For a brief moment‚ peace reigned in northern KZN
Nathi Olifant | 2017-05-18 15:50:20.0
From left: KwaZulu-Natal Community Saftey, Liason MEC Mxolisi Kaunda, KwaZulu-Natal premier Willies Mchunu, IEC Chair Glen Mashinini, KwaZulu-Natal DA leader Zwakele Mncwango, EFF’s Vusi Khoza and NFP’s Vikizitha Mlotshwa during the Nquthu Election Peace Prayer.
Image by: THULI DLAMINI
For three hours‚ 14 political parties contesting 17 Wards in the Nquthu municipal by-elections put aside their differences.
Peace reigned in an environment that has been beset by allegations of political intolerance.
The parties – all vying to win the northern KwaZulu-Natal municipality of Nquthu in a crucial by-election next week – gathered to sign an electoral pledge and code of conduct‚ and to observe a government-organised election peace prayer.
However‚ some contesting parties did not show up‚ even though they are part of the Provincial Multi-party Political Intervention Committee led by community safety MEC Mxolisi Kaunda.
Independent Electoral Commission chair Glen Mashinini said the IEC was ready for the elections.
“The preparations have been completed and arrangements are at an advanced stage. In short‚ it’s all systems go‚” said Mashinini.
He urged political parties to commit to and observe the code of conduct‚ and decried political killings.
“It can’t be that you are occupying that position at the expense of someone’s body‚” he said.
Mashinini said the IEC’s job was to ensure that the voters’ roll was accurate and that it excluded those not eligible to vote.
“The electoral integrity depends on the accurate voters’ roll‚” he said.
Mashinini said they have to comply with a Constitutional Court order to verify all addresses. However‚ he said this was presenting another challenge to the IEC: according to Statistics SA there are 15 million dwellings in South Africa but 8 million of those do not have a conventional address.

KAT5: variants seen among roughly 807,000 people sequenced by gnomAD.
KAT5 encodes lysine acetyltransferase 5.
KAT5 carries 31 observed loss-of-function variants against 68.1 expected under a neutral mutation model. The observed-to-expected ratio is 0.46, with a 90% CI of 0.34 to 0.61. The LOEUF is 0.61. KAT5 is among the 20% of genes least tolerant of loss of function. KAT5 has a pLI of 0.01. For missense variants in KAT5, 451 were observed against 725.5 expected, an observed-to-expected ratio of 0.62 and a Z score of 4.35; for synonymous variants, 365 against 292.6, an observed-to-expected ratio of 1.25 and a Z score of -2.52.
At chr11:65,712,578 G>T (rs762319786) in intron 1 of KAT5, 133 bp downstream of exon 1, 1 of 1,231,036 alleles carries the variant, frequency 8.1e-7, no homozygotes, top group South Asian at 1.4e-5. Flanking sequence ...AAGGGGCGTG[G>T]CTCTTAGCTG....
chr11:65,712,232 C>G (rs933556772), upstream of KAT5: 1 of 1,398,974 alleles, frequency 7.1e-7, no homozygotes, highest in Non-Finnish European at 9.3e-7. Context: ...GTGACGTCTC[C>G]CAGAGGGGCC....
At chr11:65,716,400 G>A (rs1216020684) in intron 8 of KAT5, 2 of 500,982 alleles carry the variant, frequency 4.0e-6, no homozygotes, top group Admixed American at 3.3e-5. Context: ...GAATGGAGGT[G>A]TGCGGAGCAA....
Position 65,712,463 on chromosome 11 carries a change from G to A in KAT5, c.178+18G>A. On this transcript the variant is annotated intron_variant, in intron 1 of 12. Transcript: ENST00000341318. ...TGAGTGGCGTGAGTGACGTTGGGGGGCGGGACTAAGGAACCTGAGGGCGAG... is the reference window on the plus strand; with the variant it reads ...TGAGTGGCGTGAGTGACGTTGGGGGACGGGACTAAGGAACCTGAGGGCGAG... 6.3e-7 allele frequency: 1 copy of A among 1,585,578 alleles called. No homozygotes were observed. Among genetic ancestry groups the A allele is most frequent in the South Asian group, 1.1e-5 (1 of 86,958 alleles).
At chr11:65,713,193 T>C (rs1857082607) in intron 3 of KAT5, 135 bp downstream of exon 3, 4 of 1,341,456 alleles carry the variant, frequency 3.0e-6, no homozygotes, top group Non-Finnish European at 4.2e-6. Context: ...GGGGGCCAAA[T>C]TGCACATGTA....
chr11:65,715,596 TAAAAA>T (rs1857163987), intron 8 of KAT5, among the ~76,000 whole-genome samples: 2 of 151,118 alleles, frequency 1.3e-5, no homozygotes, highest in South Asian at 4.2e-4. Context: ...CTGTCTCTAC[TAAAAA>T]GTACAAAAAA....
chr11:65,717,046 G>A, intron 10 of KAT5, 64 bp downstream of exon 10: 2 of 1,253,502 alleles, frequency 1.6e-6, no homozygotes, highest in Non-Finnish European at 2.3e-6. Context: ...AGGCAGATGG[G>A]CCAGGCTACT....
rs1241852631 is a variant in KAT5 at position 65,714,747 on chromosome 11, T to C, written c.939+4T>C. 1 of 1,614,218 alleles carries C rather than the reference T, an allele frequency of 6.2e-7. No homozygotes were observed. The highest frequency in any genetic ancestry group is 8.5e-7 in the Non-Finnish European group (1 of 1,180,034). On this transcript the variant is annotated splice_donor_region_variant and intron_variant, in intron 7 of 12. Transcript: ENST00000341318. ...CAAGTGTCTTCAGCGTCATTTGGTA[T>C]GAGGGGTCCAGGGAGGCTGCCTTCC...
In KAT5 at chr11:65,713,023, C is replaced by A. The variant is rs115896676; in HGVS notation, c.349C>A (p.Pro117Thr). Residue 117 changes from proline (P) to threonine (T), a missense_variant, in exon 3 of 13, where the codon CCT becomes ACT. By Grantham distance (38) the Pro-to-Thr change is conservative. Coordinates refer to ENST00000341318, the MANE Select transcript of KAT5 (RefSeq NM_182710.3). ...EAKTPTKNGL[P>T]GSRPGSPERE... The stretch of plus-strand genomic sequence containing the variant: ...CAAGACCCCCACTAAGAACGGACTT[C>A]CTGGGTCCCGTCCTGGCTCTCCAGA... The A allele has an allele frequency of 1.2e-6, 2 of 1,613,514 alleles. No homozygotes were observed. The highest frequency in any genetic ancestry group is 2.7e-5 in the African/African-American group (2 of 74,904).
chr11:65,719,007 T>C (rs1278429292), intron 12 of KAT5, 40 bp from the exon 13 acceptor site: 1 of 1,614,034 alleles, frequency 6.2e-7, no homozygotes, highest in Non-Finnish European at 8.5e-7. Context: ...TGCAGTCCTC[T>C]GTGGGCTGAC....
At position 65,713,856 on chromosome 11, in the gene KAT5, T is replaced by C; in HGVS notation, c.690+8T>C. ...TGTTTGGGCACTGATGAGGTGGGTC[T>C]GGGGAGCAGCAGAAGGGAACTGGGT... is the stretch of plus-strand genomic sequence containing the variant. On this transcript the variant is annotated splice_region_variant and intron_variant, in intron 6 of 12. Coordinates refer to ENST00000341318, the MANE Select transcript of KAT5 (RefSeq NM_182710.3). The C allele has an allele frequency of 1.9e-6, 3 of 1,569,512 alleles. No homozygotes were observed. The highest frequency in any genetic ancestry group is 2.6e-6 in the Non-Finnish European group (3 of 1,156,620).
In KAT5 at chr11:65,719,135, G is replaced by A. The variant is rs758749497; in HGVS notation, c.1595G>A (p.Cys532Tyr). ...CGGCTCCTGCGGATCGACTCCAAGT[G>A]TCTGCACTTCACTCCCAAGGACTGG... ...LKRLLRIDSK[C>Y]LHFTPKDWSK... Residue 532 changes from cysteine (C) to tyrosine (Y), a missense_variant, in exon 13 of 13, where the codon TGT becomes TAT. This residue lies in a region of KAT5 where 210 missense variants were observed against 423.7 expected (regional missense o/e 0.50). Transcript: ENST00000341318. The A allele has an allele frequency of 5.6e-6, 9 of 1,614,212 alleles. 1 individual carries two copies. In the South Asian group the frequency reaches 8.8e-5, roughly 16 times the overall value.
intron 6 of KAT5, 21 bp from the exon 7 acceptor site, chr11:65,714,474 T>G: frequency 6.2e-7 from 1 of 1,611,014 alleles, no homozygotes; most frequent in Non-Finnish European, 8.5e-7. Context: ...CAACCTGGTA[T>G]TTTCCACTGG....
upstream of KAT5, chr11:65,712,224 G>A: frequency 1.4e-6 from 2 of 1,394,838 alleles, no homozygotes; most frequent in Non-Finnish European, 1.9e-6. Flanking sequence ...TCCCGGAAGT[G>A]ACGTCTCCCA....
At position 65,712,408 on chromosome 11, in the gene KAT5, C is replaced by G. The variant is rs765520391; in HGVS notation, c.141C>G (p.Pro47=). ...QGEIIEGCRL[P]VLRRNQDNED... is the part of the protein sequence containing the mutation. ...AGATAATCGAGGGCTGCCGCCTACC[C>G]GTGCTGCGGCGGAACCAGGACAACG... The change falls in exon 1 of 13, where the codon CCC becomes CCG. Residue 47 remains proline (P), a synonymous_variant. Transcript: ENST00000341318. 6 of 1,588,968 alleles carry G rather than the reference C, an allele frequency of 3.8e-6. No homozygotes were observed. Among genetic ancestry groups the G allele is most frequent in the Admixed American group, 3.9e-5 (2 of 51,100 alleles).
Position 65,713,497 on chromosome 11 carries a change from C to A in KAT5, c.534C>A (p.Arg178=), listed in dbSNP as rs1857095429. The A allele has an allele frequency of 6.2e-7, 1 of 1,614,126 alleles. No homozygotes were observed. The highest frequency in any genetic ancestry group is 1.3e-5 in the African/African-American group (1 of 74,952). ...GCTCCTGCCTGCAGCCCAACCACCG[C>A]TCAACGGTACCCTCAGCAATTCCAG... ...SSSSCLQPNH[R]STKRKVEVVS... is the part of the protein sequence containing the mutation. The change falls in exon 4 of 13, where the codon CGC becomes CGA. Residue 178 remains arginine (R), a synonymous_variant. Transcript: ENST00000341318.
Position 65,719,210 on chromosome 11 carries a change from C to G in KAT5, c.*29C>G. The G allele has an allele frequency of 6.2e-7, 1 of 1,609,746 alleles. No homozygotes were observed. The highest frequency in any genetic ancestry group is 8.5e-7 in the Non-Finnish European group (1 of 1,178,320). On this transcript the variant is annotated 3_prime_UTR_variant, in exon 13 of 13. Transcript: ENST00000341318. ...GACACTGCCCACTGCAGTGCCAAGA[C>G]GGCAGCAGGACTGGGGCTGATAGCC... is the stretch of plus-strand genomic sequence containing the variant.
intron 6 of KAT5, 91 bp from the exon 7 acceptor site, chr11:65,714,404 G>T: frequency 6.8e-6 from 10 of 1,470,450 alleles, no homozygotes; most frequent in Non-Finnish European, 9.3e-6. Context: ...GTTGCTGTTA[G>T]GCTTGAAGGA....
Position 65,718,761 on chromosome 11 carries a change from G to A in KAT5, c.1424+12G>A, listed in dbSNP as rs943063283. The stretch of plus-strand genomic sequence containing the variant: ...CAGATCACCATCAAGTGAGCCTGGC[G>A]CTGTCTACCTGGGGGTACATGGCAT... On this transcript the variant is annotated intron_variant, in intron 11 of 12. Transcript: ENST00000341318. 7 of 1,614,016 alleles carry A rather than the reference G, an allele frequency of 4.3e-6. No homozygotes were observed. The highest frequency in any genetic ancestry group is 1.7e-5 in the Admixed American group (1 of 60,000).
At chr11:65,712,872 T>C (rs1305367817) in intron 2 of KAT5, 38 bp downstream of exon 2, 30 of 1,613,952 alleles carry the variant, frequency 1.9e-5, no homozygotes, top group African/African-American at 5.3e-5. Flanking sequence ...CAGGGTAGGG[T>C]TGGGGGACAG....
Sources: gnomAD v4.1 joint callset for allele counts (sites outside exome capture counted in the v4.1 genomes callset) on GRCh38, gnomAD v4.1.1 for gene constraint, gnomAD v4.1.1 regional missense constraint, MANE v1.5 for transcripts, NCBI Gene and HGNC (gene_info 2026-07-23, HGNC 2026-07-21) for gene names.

“We are trying to address this‚” said Mashinini.
Mashinini said while he admired politics of coalitions‚ he cautioned parties against entering this space‚ bearing in mind the consequences should the coalition collapse. In Nquthu‚ the entire council was disbanded after two coalitions – one led by the ANC and the other by the IFP – reached a stalemate and no office bearers could be elected.
“While coalitions are a global phenomenon they are not new‚ and countries like Germany and Israel govern through coalitions. However‚ it’s a new phenomenon in South Africa. Please bear in mind that it’s costly to arrange elections as that money could be going to service delivery‚” he said. “Those who win must extend an olive branch and reconcile with those they defeated.”
Provincial electoral officer Mawethu Mosery said there were 81‚000 registered voters in Nquthu with 325 councillor candidates contesting 33 seats. An outright victory would require in the region of 42‚000 votes.
– TMG Digital/TimesLIVE